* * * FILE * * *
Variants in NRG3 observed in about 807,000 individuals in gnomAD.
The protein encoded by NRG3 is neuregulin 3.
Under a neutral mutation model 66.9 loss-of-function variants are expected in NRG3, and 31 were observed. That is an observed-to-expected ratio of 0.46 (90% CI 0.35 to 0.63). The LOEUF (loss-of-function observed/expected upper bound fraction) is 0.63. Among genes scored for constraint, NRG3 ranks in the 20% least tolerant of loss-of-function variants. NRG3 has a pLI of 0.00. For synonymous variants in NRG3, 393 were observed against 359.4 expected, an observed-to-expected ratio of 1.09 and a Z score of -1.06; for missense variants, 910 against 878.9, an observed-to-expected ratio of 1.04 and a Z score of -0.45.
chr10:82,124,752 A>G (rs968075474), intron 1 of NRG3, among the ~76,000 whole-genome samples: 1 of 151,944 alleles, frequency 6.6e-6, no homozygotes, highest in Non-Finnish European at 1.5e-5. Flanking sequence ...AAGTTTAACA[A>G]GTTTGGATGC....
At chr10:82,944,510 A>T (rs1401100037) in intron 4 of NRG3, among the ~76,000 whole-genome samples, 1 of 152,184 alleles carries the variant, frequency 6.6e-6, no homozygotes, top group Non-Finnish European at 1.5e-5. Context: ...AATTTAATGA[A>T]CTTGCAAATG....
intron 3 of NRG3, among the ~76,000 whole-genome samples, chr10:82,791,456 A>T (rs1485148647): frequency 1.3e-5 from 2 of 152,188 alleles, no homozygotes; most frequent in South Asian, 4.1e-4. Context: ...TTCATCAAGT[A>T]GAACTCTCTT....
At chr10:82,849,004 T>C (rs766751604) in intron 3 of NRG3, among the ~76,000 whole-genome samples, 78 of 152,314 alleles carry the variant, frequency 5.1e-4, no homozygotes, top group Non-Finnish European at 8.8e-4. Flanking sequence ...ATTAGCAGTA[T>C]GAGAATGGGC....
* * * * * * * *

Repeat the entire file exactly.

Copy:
Variants in NRG3 observed in about 807,000 individuals in gnomAD.
The protein encoded by NRG3 is neuregulin 3.
Under a neutral mutation model 66.9 loss-of-function variants are expected in NRG3, and 31 were observed. That is an observed-to-expected ratio of 0.46 (90% CI 0.35 to 0.63). The LOEUF (loss-of-function observed/expected upper bound fraction) is 0.63. Among genes scored for constraint, NRG3 ranks in the 20% least tolerant of loss-of-function variants. NRG3 has a pLI of 0.00. For synonymous variants in NRG3, 393 were observed against 359.4 expected, an observed-to-expected ratio of 1.09 and a Z score of -1.06; for missense variants, 910 against 878.9, an observed-to-expected ratio of 1.04 and a Z score of -0.45.
chr10:82,124,752 A>G (rs968075474), intron 1 of NRG3, among the ~76,000 whole-genome samples: 1 of 151,944 alleles, frequency 6.6e-6, no homozygotes, highest in Non-Finnish European at 1.5e-5. Flanking sequence ...AAGTTTAACA[A>G]GTTTGGATGC....
At chr10:82,944,510 A>T (rs1401100037) in intron 4 of NRG3, among the ~76,000 whole-genome samples, 1 of 152,184 alleles carries the variant, frequency 6.6e-6, no homozygotes, top group Non-Finnish European at 1.5e-5. Context: ...AATTTAATGA[A>T]CTTGCAAATG....
intron 3 of NRG3, among the ~76,000 whole-genome samples, chr10:82,791,456 A>T (rs1485148647): frequency 1.3e-5 from 2 of 152,188 alleles, no homozygotes; most frequent in South Asian, 4.1e-4. Context: ...TTCATCAAGT[A>T]GAACTCTCTT....
At chr10:82,849,004 T>C (rs766751604) in intron 3 of NRG3, among the ~76,000 whole-genome samples, 78 of 152,314 alleles carry the variant, frequency 5.1e-4, no homozygotes, top group Non-Finnish European at 8.8e-4. Flanking sequence ...ATTAGCAGTA[T>C]GAGAATGGGC....